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United States Court of Appeals, Sixth Circuit.

UNITED STATES OF AMERICA, Plaintiff-Appellee, v. DONALD CLIFTON ALLEN, JR., Defendant-Appellant

Case No. 16-2304

Decided: January 05, 2018

BEFORE: COLE, Chief Judge; McKEAGUE and STRANCH, Circuit Judges.


Defendant Donald Clifton Allen, Jr., a self-proclaimed reality TV star, thought that his television show about his life was going to make him rich. Instead, Allen was convicted by a jury for prostitution and child pornography offenses and sentenced to 300 months in prison. He now challenges the denial of his motion to suppress evidence found during the search of an apartment where he was staying. Allen also argues that his sentence is procedurally unreasonable because the district court incorrectly applied a four-level enhancement for sadistic sexual material. We affirm the district court's denial of Allen's motion to suppress, vacate Allen's sentence, and remand to the district court for resentencing.


Just after midnight on June 22, 2009, a police officer saw a car cut through traffic and jump a curb. Yun Hindy was driving. While investigating Hindy for drunk driving, the officer's focus shifted to the passengers in Hindy's car—Donald Allen and 17-year-old Jennifer Nelson. The officer also noticed that Nelson was wearing “nightclub attire” that “didn't fit” with what the other passengers were wearing. Based on Nelson's attire, the officer asked Hindy if Nelson was a prostitute. Hindy said that she was, and at some point Nelson also told officers that she worked for Allen. Hindy also told the officer that Allen had been staying with her for several weeks. Hindy was subsequently arrested for driving under the influence.

While in custody, Hindy told officers that she wanted the police to watch her apartment because Allen did “bad things with young women” and sold marijuana there. Both Allen and Nelson were staying in a bedroom in Hindy's apartment. Hindy believed that Allen was selling drugs because she smelled burnt marijuana in the apartment and people would frequently come and go from the back bedroom. On several occasions, Allen left Nelson alone with men in the bedroom. Allen also bragged to Hindy about advertising his prostitution business in the Metro Times and asked her to pose for the ads.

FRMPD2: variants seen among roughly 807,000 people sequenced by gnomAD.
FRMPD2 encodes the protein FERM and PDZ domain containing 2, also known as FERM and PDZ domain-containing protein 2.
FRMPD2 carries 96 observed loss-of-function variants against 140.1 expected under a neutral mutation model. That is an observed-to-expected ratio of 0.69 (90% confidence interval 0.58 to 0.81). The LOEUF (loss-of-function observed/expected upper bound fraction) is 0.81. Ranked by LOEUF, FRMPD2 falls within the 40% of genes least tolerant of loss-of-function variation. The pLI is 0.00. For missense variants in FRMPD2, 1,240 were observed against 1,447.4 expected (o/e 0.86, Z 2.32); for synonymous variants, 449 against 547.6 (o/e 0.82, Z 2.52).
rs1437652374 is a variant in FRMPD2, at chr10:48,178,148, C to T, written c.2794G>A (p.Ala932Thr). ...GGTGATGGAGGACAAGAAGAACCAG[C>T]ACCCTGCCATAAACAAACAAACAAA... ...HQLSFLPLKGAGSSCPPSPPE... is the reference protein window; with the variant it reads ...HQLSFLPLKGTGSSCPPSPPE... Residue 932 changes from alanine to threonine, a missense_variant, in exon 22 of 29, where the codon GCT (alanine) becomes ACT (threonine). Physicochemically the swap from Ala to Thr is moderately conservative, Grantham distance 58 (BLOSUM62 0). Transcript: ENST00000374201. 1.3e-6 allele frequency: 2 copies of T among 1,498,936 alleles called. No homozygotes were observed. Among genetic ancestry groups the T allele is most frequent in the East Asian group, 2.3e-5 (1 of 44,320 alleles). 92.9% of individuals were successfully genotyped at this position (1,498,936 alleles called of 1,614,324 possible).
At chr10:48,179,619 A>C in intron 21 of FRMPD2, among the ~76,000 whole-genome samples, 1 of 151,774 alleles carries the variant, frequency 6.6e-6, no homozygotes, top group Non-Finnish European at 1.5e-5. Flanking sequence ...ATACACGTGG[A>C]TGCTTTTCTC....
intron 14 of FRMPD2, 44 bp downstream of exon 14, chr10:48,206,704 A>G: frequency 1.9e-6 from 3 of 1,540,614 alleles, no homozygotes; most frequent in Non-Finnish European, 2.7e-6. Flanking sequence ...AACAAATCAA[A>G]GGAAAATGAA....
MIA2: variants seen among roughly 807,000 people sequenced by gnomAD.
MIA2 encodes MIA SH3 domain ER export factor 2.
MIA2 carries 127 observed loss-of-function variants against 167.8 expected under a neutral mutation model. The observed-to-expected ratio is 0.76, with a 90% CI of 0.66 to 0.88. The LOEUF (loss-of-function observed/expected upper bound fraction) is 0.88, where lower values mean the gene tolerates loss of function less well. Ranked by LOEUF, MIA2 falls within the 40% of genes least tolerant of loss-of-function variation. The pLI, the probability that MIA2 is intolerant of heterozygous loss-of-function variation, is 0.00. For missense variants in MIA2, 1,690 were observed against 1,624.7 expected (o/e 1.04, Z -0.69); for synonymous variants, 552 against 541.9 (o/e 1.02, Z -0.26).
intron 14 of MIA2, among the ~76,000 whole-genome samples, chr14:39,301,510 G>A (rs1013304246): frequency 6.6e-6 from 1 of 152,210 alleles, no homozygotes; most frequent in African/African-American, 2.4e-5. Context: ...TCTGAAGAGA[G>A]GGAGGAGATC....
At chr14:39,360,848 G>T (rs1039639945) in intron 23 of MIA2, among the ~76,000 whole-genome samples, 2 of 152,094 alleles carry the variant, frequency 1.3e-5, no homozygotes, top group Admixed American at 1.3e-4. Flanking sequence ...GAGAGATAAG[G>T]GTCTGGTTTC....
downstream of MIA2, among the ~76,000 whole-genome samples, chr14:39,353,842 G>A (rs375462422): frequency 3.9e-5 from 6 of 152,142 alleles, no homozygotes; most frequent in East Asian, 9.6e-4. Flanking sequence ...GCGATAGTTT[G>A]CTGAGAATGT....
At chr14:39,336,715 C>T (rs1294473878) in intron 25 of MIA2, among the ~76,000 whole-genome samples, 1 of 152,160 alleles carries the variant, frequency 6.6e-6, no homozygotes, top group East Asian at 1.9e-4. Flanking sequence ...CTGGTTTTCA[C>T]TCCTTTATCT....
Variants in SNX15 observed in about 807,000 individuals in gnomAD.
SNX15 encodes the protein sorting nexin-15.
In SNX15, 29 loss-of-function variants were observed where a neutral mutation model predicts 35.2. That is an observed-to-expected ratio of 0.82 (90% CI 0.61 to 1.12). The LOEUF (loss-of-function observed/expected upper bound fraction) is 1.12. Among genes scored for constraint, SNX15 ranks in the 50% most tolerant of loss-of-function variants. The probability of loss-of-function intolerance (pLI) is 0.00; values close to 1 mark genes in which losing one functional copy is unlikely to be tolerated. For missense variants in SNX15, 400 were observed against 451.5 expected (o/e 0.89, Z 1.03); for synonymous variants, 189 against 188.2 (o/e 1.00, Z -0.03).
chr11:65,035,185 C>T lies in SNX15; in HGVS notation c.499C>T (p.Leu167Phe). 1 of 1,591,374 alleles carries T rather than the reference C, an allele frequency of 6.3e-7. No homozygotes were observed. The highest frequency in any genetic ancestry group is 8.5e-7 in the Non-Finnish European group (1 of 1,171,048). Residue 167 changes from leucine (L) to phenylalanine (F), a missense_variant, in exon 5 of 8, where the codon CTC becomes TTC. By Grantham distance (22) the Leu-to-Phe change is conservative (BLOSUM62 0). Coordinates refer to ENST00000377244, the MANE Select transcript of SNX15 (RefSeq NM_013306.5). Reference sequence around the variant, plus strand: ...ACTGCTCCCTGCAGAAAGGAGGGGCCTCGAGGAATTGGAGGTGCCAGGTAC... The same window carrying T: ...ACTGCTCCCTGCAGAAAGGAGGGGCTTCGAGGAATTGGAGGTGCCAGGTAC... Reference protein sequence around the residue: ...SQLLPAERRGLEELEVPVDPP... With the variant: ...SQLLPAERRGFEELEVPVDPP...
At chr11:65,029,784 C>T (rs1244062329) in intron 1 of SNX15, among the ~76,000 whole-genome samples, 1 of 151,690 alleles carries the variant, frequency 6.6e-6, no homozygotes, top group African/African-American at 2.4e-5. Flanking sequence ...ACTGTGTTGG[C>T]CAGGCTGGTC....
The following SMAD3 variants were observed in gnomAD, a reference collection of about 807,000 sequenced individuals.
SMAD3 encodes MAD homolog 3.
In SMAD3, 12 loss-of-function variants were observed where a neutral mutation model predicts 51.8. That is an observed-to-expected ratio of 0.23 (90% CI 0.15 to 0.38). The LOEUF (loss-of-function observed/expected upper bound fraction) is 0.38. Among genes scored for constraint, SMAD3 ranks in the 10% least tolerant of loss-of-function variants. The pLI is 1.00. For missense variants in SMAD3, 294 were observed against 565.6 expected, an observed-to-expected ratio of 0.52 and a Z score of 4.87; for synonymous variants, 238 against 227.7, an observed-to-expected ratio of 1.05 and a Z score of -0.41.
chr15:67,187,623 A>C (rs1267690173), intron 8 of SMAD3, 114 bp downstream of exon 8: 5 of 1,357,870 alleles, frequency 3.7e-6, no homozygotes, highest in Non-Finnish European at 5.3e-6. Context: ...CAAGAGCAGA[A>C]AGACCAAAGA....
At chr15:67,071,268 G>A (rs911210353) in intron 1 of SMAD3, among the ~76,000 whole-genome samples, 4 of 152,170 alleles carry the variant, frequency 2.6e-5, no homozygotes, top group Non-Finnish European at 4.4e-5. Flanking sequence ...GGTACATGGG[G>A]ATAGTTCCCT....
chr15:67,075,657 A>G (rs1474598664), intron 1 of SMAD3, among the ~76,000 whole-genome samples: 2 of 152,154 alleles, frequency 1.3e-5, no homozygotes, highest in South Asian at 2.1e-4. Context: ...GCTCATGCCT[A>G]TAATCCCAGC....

Hindy told police she wanted Allen out of her apartment and asked them to remove his belongings. She explained that Allen had some clothing and duffle bags in the bedroom where he had been sleeping on an air mattress, and that she believed he had drugs. Hindy told the detectives that she also had personal items in the bedroom. At this point, Hindy signed a consent-to-search form and gave the detectives her keys. Two detectives went to search the apartment.

The detectives walked through the entire apartment and found the bedroom where Allen had been staying. The apartment was consistent with Hindy's description. The door was unlocked. They found an air mattress in the back bedroom. And Hindy's personal items were in the closet. Based on their observations, the officers concluded that Hindy had access to the room.

The detectives continued their search. Four items caught their eyes: two cellphones, one laptop, and a video camera. According to the searching officers, nothing on the outside of these items indicated their owner. The bags in the closet, a purse and a backpack, also had no external identification. The detectives opened the purse and found an Altoids tin containing marijuana. They also opened the backpack and seized a laptop. The detectives did not look at the cellphones or laptop to determine who owned the items. They did, however, turn on the camcorder to, in their words, “figure out who it belonged to.” The searching officer viewed about two minutes of footage on the camcorder. The footage featured a nude 17-year-old female later identified as Nelson. After watching the video, the officers concluded their search. The detectives ultimately seized the cellphones, purse, marijuana, two laptops, and the camcorder as evidence. Two days later, after her release, Hindy turned two additional laptops over to police.